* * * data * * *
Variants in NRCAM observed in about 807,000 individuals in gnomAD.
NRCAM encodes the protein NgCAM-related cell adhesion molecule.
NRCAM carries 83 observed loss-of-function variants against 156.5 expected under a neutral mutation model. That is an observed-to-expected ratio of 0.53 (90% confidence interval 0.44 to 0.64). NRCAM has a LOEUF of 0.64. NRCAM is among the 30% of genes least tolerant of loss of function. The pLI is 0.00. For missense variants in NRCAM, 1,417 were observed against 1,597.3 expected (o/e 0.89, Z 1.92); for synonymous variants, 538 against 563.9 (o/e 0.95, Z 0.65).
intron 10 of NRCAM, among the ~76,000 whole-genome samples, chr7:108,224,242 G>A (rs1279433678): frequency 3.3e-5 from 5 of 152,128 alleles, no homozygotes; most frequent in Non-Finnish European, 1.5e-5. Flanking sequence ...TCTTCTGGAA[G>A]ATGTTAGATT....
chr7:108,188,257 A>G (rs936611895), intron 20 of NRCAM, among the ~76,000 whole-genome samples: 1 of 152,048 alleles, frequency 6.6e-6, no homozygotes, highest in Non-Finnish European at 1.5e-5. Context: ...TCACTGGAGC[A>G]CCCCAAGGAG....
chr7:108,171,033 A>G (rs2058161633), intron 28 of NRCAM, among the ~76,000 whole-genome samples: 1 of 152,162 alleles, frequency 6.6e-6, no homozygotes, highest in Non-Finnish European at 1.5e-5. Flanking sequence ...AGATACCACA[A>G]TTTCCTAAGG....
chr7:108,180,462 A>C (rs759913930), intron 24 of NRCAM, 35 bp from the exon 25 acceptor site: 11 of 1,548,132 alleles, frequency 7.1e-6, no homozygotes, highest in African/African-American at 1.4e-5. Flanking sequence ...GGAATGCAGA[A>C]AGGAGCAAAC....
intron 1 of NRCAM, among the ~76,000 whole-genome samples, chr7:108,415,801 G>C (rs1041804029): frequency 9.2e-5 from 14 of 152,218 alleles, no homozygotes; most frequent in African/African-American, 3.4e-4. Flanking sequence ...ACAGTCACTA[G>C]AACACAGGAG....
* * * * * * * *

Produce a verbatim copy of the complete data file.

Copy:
Variants in NRCAM observed in about 807,000 individuals in gnomAD.
NRCAM encodes the protein NgCAM-related cell adhesion molecule.
NRCAM carries 83 observed loss-of-function variants against 156.5 expected under a neutral mutation model. That is an observed-to-expected ratio of 0.53 (90% confidence interval 0.44 to 0.64). NRCAM has a LOEUF of 0.64. NRCAM is among the 30% of genes least tolerant of loss of function. The pLI is 0.00. For missense variants in NRCAM, 1,417 were observed against 1,597.3 expected (o/e 0.89, Z 1.92); for synonymous variants, 538 against 563.9 (o/e 0.95, Z 0.65).
intron 10 of NRCAM, among the ~76,000 whole-genome samples, chr7:108,224,242 G>A (rs1279433678): frequency 3.3e-5 from 5 of 152,128 alleles, no homozygotes; most frequent in Non-Finnish European, 1.5e-5. Flanking sequence ...TCTTCTGGAA[G>A]ATGTTAGATT....
chr7:108,188,257 A>G (rs936611895), intron 20 of NRCAM, among the ~76,000 whole-genome samples: 1 of 152,048 alleles, frequency 6.6e-6, no homozygotes, highest in Non-Finnish European at 1.5e-5. Context: ...TCACTGGAGC[A>G]CCCCAAGGAG....
chr7:108,171,033 A>G (rs2058161633), intron 28 of NRCAM, among the ~76,000 whole-genome samples: 1 of 152,162 alleles, frequency 6.6e-6, no homozygotes, highest in Non-Finnish European at 1.5e-5. Flanking sequence ...AGATACCACA[A>G]TTTCCTAAGG....
chr7:108,180,462 A>C (rs759913930), intron 24 of NRCAM, 35 bp from the exon 25 acceptor site: 11 of 1,548,132 alleles, frequency 7.1e-6, no homozygotes, highest in African/African-American at 1.4e-5. Flanking sequence ...GGAATGCAGA[A>C]AGGAGCAAAC....
intron 1 of NRCAM, among the ~76,000 whole-genome samples, chr7:108,415,801 G>C (rs1041804029): frequency 9.2e-5 from 14 of 152,218 alleles, no homozygotes; most frequent in African/African-American, 3.4e-4. Flanking sequence ...ACAGTCACTA[G>C]AACACAGGAG....